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0 0.5 1 1.5 2+ Mortality 55% Improvement Relative Risk c19early.org/d Infante et al. Vitamin D for COVID-19 Sufficiency Are vitamin D levels associated with COVID-19 outcomes? Retrospective 137 patients in Italy Lower mortality with higher vitamin D levels (p=0.046) Infante et al., J. the American College of Nutri.., doi:10.1080/07315724.2021.1877580 Favors vitamin D Favors control
Low Vitamin D Status at Admission as a Risk Factor for Poor Survival in Hospitalized Patients With COVID-19: An Italian Retrospective Study
Infante et al., Journal of the American College of Nutrition, doi:10.1080/07315724.2021.1877580
Infante et al., Low Vitamin D Status at Admission as a Risk Factor for Poor Survival in Hospitalized Patients With COVID-19:.., Journal of the American College of Nutrition, doi:10.1080/07315724.2021.1877580
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Retrospective 137 hospitalized patients in Italy. All patients had low vitamin D levels, and lower levels were associated with higher mortality.
In multivariate logistic regression, vitamin D levels were significantly inversely associated with mortality (OR 0.91 [0.85-0.98] p=0.01).
This is the 48th of 175 COVID-19 sufficiency studies for vitamin D, which collectively show higher levels reduce risk with p<0.0000000001 (1 in 18 vigintillion).
risk of death, 54.8% lower, RR 0.45, p = 0.046, high D levels 4 of 19 (21.1%), low D levels 55 of 118 (46.6%), NNT 3.9, >20ng/mL.
Effect extraction follows pre-specified rules prioritizing more serious outcomes. Submit updates
Infante et al., 18 Feb 2021, retrospective, Italy, peer-reviewed, 11 authors.
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Low Vitamin D Status at Admission as a Risk Factor for Poor Survival in Hospitalized Patients With COVID-19: An Italian Retrospective Study
Marco Infante, Andrea Buoso, Massimo Pieri, Santina Lupisella, Marzia Nuccetelli, Sergio Bernardini, Andrea Fabbri, Marco Iannetta, Massimo Andreoni, Vittorio Colizzi, Maria Morello
Journal of the American Nutrition Association, doi:10.1080/07315724.2021.1877580
Objective: Preliminary findings suggest a relationship between lower serum 25-hydroxyvitamin D [25(OH)D] levels and incidence and severity of COVID-19. The aim of this study was to evaluate the relationship between vitamin D status at admission and different markers of inflammation, coagulation, and sepsis in hospitalized patients with COVID-19. Method: We conducted a retrospective study on 137 consecutive patients with SARS-CoV-2 infection and available data on serum 25(OH)D levels, who were admitted to our Institution between March 1 and April 30, 2020. Patients were divided into two groups: survivors (n ¼ 78; 57%) and non-survivors (n ¼ 59; 43%). Results: At admission, all patients showed hypovitaminosis D. Median total serum 25(OH)D levels at admission were significantly higher in survivors than non-survivors (12 ng/mL vs 8 ng/mL; p < 0.01). Non-survivors exhibited significantly higher median levels of white blood cell (WBC) count, neutrophil-to-lymphocyte count ratio (NLR), high-sensitivity C-reactive protein (hsCRP), ferritin, interleukin 6 (IL-6), D-dimer, fibrinogen, and procalcitonin (PCT) compared to survivors at three different time points during hospitalization. In a multivariate analysis performed by a logistic regression model, serum 25(OH)D levels were significantly inversely associated with risk of COVID-19-related in-hospital mortality (odds ratio, 0.91; 95% confidence interval, 0.85-0.98; p ¼ 0.01). According to receiver operating characteristic curve analysis, hsCRP, NLR, ferritin, and D-dimer were the best predictive biomarkers for poor prognosis of COVID-19, whereas IL-6, PCT, fibrinogen, 25(OH)D, WBC count, and tumor necrosis factor alpha (TNF-a) may serve as supportive biomarkers for worse clinical course of the disease. Conclusions: We found a markedly high prevalence (100%) of hypovitaminosis D in patients admitted to hospital with COVID-19, suggesting a possible role of low vitamin D status in increasing the risk of SARS-CoV-2 infection and subsequent hospitalization. The inverse association between serum 25(OH)D levels and risk of in-hospital mortality observed in our cohort suggests that a lower vitamin D status upon admission may represent a modifiable and independent risk factor for poor prognosis in COVID-19.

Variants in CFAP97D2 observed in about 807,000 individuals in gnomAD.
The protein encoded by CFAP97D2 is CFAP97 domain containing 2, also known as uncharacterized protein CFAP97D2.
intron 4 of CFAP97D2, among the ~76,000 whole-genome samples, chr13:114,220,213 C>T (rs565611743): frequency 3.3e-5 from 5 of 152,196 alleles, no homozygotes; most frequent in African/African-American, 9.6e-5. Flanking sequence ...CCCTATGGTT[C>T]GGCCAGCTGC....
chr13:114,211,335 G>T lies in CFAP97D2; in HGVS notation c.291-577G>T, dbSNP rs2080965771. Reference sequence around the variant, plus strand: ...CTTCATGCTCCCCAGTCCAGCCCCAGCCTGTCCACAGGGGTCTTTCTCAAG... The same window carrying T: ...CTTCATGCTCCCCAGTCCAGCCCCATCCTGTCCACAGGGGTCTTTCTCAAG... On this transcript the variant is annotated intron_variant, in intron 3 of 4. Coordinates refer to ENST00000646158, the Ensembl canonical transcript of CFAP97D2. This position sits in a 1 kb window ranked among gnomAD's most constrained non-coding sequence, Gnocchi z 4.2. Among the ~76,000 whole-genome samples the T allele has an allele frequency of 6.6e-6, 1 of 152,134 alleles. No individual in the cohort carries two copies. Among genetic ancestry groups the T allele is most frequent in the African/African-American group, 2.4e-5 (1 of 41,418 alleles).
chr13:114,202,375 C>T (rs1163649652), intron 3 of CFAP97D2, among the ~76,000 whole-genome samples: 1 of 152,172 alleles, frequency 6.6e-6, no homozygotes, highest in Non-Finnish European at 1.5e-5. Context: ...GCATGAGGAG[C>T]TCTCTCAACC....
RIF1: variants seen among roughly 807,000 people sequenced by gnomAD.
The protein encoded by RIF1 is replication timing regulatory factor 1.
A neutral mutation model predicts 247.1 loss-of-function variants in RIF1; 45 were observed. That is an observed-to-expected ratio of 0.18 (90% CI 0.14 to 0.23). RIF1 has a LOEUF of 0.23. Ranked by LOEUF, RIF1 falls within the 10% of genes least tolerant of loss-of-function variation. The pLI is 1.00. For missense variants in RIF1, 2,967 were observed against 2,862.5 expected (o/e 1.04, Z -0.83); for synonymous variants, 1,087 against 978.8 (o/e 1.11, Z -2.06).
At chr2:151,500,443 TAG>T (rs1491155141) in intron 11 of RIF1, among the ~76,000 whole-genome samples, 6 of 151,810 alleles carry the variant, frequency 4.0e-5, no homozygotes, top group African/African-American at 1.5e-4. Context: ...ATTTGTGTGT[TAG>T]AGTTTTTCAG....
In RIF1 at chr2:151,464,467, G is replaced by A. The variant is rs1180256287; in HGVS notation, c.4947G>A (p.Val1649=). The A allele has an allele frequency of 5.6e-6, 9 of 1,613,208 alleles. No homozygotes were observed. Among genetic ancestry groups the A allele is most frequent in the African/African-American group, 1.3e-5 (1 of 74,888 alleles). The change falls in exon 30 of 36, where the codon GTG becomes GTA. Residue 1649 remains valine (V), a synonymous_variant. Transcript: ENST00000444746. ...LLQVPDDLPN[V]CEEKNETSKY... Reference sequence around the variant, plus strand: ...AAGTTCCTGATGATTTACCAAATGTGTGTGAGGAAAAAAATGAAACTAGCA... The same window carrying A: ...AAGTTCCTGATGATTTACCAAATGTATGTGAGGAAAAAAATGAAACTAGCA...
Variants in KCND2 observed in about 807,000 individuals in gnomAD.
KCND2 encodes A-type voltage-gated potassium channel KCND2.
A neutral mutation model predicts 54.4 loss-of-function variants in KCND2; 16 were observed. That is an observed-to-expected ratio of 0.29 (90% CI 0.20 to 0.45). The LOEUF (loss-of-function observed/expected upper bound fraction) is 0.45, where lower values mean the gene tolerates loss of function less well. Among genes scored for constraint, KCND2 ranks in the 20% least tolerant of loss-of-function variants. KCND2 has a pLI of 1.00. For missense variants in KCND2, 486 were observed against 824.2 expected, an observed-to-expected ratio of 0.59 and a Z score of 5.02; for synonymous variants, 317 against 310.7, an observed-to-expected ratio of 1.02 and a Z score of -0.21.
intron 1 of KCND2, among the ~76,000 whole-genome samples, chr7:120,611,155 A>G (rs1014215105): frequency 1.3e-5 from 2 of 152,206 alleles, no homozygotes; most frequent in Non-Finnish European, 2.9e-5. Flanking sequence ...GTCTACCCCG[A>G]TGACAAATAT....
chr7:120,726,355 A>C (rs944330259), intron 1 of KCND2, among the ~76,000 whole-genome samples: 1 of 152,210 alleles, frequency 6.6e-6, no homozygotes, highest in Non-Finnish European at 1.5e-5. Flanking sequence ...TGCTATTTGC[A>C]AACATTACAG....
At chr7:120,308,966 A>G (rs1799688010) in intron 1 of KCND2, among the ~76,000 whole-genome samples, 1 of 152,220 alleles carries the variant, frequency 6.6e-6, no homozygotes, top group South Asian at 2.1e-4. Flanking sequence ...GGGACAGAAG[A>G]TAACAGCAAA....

Authors' contributions MI and MM designed the research project, wrote the paper, supervised the project, and equally contributed to the manuscript. AB collected and retrieved clinical data, analyzed results, and contributed to the research project. MP performed statistical analysis. SL and MN performed, collected, and retrieved biochemical data. SB, AF, MIa, MA, and VC supervised the research project and reviewed the manuscript. All authors edited the manuscript. No honorarium, grant, or other forms of payment were received by authors to write this manuscript. Disclosure statement No author has potential conflicts of interest to disclose.
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